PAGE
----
I had kind of noticed these passages in Uncle Tom’s Cabin as memorable.
“Well,” said Augustine, “there goes an old saying to this effect ‘As it was in the days of Noah, so shall it be;—they ate, they drank, they planted, they builded, and knew not till the flood came and took them.‘”
And this one, in her narrator’s voice, after Eva dies:
But in real life we do not die when all that makes life bright dies to us. There is a most busy and important round of eating, drinking, dressing, walking, visiting, buying, selling, talking, reading, and all that makes up what is commonly called living, yet to be gone through; and this yet remained to Augustine.
Though I have not seen it noted in annotation, and perhaps not needed in first, they are allusions, the activities that consume our time, similar ones that in times of Noah and Lot consumed them, just prior to destruction. In 19C Authorized KJV, the passages in Luke 17:26-28 and Matthew 24:38–39 are quite similar.
And as it was in the days of Noe, so shall it be also in the days of the Son of man. They did eat, they drank, they married wives, they were given in marriage, until the day that Noe entered into the ark, and the flood came, and destroyed them all.
For as in the days that were before the flood they were eating and drinking, marrying and giving in marriage, until the day that Noe entered into the ark, and knew not until the flood came, and took them all away; so shall also the coming of the Son of man be.
But I realized recently that Stowe omits one activity in her allusions–the marriage phrases–and that would be because with Eva dead St. Clare now that his daughter has died shall have no daughter to give, no son-in-law to receive in marriage.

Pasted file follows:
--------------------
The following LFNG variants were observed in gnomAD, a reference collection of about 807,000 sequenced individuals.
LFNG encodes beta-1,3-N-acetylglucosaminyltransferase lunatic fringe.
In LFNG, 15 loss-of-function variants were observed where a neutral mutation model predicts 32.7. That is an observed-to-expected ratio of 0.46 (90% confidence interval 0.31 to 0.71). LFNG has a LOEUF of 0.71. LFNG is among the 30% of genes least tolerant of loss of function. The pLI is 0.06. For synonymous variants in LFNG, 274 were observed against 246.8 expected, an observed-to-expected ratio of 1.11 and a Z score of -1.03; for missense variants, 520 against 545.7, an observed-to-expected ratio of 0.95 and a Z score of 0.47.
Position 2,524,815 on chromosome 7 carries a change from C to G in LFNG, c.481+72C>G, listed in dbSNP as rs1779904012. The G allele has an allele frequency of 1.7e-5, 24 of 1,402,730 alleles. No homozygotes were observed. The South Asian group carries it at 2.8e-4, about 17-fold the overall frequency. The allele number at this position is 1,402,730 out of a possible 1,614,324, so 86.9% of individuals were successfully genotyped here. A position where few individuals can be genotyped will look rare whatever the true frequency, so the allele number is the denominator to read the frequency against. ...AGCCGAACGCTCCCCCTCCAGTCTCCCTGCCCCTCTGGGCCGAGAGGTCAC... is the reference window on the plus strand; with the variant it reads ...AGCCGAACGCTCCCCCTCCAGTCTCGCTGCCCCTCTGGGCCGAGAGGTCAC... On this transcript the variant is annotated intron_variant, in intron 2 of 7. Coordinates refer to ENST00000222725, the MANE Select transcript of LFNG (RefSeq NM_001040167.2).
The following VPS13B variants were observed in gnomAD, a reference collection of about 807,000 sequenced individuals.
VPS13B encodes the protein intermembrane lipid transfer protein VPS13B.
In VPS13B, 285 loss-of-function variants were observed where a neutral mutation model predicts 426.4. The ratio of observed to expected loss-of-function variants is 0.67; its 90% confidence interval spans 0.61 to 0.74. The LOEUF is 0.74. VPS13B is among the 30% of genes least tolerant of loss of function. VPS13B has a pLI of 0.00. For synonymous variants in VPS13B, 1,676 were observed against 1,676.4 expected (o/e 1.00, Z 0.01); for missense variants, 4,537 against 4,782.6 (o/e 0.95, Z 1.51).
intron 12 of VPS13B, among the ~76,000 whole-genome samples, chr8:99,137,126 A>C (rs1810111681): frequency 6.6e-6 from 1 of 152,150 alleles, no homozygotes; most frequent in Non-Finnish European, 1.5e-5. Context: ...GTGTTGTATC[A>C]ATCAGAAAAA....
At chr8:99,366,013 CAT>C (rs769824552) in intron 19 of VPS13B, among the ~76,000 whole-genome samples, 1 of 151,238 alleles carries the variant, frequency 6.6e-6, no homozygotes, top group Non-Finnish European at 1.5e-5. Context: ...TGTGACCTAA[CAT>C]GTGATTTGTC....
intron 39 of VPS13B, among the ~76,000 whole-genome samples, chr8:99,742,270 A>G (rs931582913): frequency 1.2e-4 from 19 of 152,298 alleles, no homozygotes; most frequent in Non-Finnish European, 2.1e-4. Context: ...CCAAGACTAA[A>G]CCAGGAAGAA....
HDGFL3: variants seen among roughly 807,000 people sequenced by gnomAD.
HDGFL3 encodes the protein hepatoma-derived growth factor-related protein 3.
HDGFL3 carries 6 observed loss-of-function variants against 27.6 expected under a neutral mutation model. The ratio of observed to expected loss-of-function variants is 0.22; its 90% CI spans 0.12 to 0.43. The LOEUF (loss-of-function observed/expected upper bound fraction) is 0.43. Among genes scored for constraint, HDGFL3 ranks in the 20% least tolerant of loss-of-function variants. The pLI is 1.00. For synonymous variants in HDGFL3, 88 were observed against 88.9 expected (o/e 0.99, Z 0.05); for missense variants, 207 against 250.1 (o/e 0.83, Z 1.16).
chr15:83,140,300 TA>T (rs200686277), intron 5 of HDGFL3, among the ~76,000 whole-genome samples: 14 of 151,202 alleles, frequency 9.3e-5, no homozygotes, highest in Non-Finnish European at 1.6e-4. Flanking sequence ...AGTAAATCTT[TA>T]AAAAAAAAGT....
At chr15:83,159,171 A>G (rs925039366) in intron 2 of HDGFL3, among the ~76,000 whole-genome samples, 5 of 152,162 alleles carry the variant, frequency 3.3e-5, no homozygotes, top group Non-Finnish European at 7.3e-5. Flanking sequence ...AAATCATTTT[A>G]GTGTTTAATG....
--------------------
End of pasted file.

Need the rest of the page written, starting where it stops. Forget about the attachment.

In Sunny Memories of Foreign Lands, the allusion recurs once more, and it shows her 19th-Century sensibility merging scripture with the present. It follows a very affecting passage on Walter Scott’s epitaph for his dog Maida, which is well worth reading but not much read anymore because mid-century travel narratives are not very popular.
The again biblically allusive lines read as follows:
And this is what all our homes are coming to; our buying our planting our building our marrying and giving in marriage, our genial firesides and dancing children, are all like so many figures passing through the magic lantern, to be put out at last in death.
The magic lantern is the 19th-century fore-runner of the picture show, but the “put out at last in death” hits me like the train in Willa Cather’s “Paul’s Case,” for I know that the memory of 18-month-old son Charley, who died in a Cincinnati cholera epidemic, lies in the silent background of that line.
This is just to let you know that when Stowe alludes to scripture, and omits or recasts, often there’s something going on, something significant. Yea, I know it’s domestic fiction. But your (our) not knowing what she’s doing doesn’t make her any less talented. That is, she don’t cite carelessly, despite her reputation. When reading Sunny Memories I am awed at her prodigious verbal memory. The Walter Scott alone exhibits a staggering range, and there’s a real sadness that upon landing in and touring Scotland, to her the entire landscape rendered picturesque and enchanted (her terms) by her memories of reading Scott, she discovers that the people with whom she expected to enthuse in shared admiration have mostly set him aside.